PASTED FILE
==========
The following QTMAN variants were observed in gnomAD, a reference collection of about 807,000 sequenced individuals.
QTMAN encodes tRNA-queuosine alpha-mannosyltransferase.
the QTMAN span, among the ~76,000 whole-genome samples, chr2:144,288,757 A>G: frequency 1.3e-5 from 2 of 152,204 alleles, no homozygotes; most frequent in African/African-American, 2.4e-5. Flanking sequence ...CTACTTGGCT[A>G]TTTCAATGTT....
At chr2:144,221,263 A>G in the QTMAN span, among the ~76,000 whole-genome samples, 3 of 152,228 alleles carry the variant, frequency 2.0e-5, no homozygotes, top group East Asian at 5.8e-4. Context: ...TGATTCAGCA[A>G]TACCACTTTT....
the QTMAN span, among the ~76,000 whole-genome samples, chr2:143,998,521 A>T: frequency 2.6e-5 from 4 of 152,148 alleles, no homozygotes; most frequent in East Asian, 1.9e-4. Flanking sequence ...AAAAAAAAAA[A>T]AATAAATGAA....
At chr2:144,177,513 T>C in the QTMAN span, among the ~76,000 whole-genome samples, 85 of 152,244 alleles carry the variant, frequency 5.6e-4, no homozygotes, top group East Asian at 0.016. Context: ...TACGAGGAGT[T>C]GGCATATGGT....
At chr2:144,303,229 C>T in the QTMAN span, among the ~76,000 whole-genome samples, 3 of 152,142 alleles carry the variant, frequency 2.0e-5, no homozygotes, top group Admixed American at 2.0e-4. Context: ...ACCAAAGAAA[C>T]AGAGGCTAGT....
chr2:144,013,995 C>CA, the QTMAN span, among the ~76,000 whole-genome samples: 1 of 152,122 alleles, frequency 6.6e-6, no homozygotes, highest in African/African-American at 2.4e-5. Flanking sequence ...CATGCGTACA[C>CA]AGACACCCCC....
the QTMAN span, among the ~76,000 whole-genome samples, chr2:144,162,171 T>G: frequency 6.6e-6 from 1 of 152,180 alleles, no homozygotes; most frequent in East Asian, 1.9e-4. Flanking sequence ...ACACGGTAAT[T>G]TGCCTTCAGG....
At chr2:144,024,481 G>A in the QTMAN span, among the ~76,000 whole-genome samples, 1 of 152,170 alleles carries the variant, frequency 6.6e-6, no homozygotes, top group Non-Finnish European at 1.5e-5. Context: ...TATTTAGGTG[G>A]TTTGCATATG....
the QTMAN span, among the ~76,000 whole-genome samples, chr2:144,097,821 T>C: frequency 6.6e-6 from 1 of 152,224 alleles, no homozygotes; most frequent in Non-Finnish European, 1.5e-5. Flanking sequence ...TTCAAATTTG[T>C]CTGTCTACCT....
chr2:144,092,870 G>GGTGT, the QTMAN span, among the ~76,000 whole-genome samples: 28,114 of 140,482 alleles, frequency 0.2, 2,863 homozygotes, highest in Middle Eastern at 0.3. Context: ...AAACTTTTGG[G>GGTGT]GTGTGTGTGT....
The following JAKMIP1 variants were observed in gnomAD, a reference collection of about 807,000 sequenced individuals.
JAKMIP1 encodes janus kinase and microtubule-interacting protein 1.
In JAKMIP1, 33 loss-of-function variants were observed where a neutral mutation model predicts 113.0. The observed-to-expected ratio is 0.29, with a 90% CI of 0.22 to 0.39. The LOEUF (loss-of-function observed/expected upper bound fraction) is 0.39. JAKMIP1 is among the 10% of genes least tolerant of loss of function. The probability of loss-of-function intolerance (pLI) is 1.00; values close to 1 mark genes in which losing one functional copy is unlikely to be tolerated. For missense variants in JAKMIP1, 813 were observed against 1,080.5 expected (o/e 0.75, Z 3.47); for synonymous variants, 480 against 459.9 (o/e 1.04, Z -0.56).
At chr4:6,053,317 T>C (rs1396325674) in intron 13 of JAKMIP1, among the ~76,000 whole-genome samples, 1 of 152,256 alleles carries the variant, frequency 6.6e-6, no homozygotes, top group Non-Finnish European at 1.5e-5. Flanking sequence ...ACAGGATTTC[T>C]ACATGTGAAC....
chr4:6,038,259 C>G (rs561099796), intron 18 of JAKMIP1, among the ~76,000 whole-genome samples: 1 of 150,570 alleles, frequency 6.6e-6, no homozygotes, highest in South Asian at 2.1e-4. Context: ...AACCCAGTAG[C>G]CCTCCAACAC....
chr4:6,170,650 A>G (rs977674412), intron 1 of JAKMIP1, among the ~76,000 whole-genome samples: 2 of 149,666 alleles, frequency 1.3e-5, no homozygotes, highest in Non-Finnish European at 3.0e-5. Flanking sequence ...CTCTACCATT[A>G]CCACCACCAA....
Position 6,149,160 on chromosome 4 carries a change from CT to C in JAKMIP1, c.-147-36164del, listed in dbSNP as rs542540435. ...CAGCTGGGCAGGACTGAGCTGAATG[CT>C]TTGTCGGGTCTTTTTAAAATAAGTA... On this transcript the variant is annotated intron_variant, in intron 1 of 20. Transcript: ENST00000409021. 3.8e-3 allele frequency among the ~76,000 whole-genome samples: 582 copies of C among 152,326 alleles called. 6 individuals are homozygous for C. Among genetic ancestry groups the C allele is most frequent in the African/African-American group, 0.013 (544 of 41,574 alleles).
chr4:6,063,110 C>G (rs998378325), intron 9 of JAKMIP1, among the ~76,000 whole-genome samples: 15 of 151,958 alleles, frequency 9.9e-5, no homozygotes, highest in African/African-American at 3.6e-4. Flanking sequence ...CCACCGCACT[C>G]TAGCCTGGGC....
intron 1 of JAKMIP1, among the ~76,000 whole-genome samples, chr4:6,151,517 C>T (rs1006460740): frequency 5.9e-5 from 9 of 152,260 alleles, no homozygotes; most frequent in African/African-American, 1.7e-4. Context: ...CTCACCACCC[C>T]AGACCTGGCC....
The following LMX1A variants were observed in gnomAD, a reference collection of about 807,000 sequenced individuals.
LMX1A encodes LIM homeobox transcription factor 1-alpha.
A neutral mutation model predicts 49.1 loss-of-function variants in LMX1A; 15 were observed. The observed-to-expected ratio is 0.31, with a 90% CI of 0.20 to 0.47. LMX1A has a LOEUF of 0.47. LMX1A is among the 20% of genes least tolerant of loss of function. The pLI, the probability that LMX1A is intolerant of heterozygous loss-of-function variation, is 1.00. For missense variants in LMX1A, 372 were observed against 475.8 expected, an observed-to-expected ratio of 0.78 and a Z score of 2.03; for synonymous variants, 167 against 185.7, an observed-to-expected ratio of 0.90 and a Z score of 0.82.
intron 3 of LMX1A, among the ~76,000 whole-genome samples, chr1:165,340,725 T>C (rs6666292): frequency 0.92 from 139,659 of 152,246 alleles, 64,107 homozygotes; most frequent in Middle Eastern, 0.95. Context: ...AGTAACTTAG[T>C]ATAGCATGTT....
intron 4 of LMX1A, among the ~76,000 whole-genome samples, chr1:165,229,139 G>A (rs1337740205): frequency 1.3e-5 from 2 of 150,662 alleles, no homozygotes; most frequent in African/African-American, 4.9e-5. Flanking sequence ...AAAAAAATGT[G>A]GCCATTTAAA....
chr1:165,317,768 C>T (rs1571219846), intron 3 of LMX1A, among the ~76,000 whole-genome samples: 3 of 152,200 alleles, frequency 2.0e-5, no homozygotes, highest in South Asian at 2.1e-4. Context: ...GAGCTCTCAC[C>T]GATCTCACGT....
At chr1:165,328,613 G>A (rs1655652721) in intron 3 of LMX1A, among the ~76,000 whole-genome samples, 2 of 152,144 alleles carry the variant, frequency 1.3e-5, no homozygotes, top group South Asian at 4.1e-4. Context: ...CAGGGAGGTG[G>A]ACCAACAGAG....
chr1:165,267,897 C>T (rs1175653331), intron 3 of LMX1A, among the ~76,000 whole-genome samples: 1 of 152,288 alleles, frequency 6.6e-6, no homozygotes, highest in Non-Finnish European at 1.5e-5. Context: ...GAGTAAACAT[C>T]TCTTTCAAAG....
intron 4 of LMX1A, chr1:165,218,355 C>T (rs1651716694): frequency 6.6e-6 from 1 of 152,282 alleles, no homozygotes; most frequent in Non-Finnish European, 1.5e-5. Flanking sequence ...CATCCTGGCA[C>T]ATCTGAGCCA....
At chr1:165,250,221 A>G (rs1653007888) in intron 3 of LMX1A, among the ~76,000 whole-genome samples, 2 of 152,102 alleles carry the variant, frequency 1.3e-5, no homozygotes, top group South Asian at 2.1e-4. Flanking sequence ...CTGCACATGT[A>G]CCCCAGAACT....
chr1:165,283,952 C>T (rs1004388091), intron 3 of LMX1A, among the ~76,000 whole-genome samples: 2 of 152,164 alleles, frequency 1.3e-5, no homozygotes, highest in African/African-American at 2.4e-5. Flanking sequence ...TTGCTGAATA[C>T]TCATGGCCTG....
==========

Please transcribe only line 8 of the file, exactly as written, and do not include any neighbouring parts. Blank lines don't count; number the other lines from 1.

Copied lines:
chr2:144,013,995 C>CA, the QTMAN span, among the ~76,000 whole-genome samples: 1 of 152,122 alleles, frequency 6.6e-6, no homozygotes, highest in African/African-American at 2.4e-5. Flanking sequence ...CATGCGTACA[C>CA]AGACACCCCC....